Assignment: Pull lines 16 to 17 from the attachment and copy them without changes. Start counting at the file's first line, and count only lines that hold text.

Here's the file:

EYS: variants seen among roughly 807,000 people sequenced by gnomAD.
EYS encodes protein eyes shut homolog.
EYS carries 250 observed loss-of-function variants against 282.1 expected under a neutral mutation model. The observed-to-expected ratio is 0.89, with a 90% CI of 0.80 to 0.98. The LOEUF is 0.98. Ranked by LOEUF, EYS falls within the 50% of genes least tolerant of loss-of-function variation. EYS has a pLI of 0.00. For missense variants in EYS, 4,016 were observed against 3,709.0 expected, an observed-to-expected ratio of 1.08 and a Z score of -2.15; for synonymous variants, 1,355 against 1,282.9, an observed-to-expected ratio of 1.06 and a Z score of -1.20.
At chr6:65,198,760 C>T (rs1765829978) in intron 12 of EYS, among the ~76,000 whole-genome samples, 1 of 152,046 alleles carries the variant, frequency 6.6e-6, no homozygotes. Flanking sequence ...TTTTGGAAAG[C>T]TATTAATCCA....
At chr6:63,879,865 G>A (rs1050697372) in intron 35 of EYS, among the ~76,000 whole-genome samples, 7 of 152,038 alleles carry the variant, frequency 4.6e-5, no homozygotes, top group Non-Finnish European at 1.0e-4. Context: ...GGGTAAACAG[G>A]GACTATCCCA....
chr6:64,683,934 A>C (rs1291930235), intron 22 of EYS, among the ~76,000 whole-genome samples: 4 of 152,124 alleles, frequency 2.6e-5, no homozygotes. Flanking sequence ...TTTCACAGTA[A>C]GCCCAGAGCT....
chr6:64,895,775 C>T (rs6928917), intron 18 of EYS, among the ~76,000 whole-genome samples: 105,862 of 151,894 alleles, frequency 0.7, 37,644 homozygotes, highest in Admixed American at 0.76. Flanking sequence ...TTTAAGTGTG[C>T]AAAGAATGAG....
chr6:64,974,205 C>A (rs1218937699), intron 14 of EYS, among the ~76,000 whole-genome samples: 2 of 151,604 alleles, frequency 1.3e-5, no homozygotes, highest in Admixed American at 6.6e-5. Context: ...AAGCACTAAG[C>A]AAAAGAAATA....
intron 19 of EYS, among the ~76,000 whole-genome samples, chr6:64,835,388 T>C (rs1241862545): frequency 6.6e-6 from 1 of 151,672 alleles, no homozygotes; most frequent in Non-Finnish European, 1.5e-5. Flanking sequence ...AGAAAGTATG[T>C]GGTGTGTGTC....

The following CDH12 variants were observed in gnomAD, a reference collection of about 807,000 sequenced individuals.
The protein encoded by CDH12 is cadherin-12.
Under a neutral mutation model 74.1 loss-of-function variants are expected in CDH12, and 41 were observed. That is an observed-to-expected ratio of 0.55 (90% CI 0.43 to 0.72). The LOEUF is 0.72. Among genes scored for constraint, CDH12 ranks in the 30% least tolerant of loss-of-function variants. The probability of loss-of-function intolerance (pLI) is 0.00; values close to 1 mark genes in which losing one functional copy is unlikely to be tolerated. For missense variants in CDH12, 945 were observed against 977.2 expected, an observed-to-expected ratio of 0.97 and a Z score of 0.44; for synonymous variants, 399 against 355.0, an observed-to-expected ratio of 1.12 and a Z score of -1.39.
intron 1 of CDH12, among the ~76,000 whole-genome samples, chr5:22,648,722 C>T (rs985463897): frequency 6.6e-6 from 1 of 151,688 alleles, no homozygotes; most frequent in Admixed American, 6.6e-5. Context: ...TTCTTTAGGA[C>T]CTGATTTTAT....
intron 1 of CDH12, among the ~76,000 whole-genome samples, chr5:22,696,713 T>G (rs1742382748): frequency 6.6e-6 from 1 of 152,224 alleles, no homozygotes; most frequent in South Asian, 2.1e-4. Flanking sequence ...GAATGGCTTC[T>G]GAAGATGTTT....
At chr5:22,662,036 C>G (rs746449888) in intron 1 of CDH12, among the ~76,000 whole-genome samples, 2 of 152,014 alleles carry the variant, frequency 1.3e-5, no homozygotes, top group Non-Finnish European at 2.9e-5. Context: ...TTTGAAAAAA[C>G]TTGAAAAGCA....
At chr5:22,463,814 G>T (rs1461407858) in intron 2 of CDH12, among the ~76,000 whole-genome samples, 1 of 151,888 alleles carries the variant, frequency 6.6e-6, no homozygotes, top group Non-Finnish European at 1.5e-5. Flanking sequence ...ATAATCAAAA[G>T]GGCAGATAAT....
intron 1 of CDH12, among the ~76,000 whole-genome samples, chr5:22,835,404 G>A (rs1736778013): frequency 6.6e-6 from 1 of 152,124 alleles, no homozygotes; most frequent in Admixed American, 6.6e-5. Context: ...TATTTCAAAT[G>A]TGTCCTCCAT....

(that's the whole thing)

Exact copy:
At chr5:22,463,814 G>T (rs1461407858) in intron 2 of CDH12, among the ~76,000 whole-genome samples, 1 of 151,888 alleles carries the variant, frequency 6.6e-6, no homozygotes, top group Non-Finnish European at 1.5e-5. Flanking sequence ...ATAATCAAAA[G>T]GGCAGATAAT....
intron 1 of CDH12, among the ~76,000 whole-genome samples, chr5:22,835,404 G>A (rs1736778013): frequency 6.6e-6 from 1 of 152,124 alleles, no homozygotes; most frequent in Admixed American, 6.6e-5. Context: ...TATTTCAAAT[G>A]TGTCCTCCAT....